To investigate whether rapid maxillary expansion (RME) is a useful treatment method for nocturnal enuresis (NE) and whether the treatment effect is due to placebo. The study also aimed to identify prognostic variables in patients responding to treatment.
Thirty-eight children with therapy-resistant NE were recruited and randomized into two groups: the intervention group or placebo group. Both groups were treated with RME, but the placebo group received treatment with a sham appliance for 2 weeks before having the actual treatment. A medical history focused on micturition habits, previous treatment, heredity, and sleep disorders was taken. Daytime voided volumes and nocturnal urine production during wet nights were recorded before the intervention.
Of the 38 patients recruited, two dropped out as one patient was unable to take dental impressions and one refused to have the appliance fitted. There was a statistically significant reduction of wet nights after the RME treatment (P < .001). No significant reduction was found after the placebo treatment (P < .40). Eleven patients (35%) had their enuresis frequency reduced by >50%. Large voiding volume and a wide maxilla at baseline had a strong association with positive treatment outcome.
RME has a modest effect on children with therapy-resistant NE. The treatment outcome does not seem to be due to a placebo effect of the appliance. A wide maxillary width and large voiding volume at baseline seem to be positive predictors regarding response to treatment.
Rapid maxillary expansion (RME) has previously been reported to have a potentially curative effect on nocturnal enuresis (NE) or bedwetting.1,,,,–6 The term nocturnal enuresis is used for involuntary voiding of urine at night in children aged 5 years or older.7 After asthma and allergies, NE is the most common health problem in school children, affecting about 10% of 7-year-olds.8,–10 The pathogenesis is multifactorial and complex but has, over the past century, become somewhat clearer. While enuresis was previously considered a primarily psychiatric disorder, the understanding now is that the following three causes are crucial: (1) nocturnal polyuria, (2) detrusor overactivity, and (3) impaired arousal response during sleep. Furthermore, for a subgroup of patients, enuresis can be caused by upper airway obstruction.11
NE is highly hereditary, and the risk is 5 to 7 times higher if one parent has a history of the condition.8 Several “enuresis genes” have been discovered, although genotype and phenotype are not tightly linked, and the genes found have not led to further pathogenetic insights.12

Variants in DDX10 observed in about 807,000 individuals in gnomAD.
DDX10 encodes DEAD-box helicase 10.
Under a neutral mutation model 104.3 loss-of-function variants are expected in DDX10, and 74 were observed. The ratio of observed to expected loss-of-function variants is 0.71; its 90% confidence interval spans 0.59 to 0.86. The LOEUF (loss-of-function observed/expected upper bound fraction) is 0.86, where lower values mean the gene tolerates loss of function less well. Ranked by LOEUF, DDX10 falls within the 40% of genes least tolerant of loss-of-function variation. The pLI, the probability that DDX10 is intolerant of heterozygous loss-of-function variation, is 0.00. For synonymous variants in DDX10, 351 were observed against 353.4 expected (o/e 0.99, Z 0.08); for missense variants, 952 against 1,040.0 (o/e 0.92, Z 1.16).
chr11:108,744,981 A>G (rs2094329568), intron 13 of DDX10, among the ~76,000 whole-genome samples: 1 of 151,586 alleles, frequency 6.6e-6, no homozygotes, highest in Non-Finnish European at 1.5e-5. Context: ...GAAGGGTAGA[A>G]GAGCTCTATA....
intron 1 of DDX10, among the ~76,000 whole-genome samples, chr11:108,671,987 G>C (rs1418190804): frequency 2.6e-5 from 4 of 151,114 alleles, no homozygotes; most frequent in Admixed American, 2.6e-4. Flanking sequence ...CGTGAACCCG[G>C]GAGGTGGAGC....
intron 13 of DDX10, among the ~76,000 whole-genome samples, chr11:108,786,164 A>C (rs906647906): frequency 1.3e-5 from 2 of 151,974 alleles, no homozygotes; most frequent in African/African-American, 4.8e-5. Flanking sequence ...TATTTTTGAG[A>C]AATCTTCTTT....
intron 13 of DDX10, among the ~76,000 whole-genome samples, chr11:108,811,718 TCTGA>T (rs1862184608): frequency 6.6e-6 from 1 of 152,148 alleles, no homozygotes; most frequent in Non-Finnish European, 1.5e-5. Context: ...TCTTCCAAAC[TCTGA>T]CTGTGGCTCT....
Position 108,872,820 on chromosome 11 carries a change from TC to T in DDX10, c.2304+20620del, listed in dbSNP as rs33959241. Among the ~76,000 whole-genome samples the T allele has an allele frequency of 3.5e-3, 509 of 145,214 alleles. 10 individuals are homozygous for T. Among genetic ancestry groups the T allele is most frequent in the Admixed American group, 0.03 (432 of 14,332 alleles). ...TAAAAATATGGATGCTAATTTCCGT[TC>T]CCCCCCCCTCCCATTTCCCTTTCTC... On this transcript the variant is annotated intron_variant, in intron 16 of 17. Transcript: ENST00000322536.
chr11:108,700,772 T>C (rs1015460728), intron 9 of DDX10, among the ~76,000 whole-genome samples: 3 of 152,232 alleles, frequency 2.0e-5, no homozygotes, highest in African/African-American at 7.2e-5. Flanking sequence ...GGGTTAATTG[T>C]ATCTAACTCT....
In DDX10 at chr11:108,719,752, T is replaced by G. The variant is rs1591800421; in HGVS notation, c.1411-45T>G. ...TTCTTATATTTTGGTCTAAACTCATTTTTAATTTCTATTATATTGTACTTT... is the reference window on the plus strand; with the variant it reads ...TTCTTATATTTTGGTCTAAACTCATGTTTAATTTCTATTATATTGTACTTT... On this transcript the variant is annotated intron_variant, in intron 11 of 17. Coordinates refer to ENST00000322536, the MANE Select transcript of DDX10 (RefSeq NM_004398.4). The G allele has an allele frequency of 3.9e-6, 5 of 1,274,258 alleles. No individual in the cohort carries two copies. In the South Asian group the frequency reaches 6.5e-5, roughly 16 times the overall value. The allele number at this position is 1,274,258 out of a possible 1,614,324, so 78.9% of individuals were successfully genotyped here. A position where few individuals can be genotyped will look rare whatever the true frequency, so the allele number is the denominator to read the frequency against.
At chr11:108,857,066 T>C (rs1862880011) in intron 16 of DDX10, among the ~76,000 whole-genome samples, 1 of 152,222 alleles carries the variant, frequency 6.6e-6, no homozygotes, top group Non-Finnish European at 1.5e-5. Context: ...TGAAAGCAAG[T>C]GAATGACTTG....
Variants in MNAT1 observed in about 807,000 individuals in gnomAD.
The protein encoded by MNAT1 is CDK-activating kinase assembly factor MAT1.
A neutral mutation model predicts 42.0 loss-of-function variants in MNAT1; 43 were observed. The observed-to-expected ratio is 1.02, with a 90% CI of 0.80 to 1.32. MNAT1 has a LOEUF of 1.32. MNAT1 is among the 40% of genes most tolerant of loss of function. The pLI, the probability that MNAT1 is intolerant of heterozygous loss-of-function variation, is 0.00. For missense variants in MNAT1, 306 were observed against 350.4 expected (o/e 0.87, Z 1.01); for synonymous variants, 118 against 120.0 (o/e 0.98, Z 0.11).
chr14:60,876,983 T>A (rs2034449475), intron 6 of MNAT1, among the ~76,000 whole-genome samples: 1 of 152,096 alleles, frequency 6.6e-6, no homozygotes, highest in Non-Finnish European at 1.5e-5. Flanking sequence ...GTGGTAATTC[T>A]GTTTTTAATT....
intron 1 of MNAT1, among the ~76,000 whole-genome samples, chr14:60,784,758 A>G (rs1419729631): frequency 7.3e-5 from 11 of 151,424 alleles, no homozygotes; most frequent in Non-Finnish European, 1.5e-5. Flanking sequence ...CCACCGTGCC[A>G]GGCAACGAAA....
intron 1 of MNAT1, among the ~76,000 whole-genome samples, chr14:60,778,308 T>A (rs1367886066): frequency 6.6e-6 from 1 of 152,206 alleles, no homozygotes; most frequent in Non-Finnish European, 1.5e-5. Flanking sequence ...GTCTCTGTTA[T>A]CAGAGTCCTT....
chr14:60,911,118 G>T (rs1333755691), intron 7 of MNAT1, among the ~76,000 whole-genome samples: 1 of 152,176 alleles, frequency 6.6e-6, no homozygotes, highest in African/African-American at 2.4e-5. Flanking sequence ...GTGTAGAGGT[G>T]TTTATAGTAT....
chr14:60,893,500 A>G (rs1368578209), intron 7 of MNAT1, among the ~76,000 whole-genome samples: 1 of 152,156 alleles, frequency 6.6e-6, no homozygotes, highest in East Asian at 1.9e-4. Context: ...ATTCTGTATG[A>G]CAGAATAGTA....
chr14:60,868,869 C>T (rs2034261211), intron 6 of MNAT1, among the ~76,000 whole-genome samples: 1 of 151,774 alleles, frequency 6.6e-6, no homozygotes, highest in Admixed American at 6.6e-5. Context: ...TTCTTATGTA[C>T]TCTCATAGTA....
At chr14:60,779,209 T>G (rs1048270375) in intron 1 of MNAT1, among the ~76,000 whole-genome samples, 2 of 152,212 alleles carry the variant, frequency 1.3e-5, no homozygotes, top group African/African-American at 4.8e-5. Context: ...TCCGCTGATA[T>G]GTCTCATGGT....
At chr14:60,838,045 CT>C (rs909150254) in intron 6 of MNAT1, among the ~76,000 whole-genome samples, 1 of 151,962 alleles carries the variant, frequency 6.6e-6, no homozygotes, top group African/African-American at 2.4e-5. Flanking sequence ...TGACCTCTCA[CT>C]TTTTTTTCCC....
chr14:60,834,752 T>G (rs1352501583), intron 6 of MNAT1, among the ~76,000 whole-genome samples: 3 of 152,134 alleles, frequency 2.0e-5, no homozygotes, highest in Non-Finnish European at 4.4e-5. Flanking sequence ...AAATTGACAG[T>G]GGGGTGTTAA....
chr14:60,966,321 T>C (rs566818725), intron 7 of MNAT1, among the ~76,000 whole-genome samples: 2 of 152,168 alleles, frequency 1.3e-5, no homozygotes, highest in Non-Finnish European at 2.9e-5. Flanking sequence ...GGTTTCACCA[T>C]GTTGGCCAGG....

Treatment is usually recommended from 6 years of age, and the two first-line therapies are either the enuresis alarm, which conditions the child to wake up before wetting the bed, and desmopressin, an analogue of the pituitary hormone vasopressin, which reduces nocturnal urine output.13,14 Unfortunately, these therapies are successful in only approximately half of the patients. The agreed second-line therapies, namely, anticholinergics or antidepressants, are limited by risks and side effects. On the other hand, approximately half of the subgroup of enuretic children with heavy snoring or sleep apnea gain resolution after adenotonsillectomy.11,15
Persisting NE often causes low self-esteem and negatively affects quality of life.16,17 Therefore, the search for alternative antienuretic therapies is of great importance. Timms,1 in his pioneering article from 1990, found that 10 enuretic children with upper airway obstruction became dry after RME. Since then, several other nonrandomized studies have been published indicating that approximately half of the children become dry or have their enuresis frequency much reduced.2,3,6
The aims of this prospective, randomized, placebo-controlled study were to investigate (1) whether RME was a useful treatment method for NE, (2) whether the treatment effect was due to placebo, and (3) whether any prognostic variables could be identified.
MATERIALS AND METHODS
The study protocol was approved by the regional ethical review board in Uppsala, Sweden, registration number 2013/375, and adhered to the Declaration of Helsinki. The trial was registered at ClinicalTrials.gov (Identifier: NCT02178826), and the protocol was published at that site before recruitment started.
Participants were recruited at the tertiary enuresis center at Uppsala University Children's Hospital, Uppsala, Sweden. Children younger than 14 years with primary NE were invited to participate in the study. A consecutive recruitment process was carried out between the years 2013 and 2018.
The inclusion criterion was primary NE with at least 7 wet nights out of 14. Exclusion criteria were daytime incontinence, ongoing antienuretic treatment, or concomitant urological, endocrinological, nephrological, or psychiatric disorders.
Well-functioning patients with treated attention-deficit hyperactivity disorder were not excluded. Most subjects were nonresponders to first-line treatment and were therefore classified as “therapy resistant.”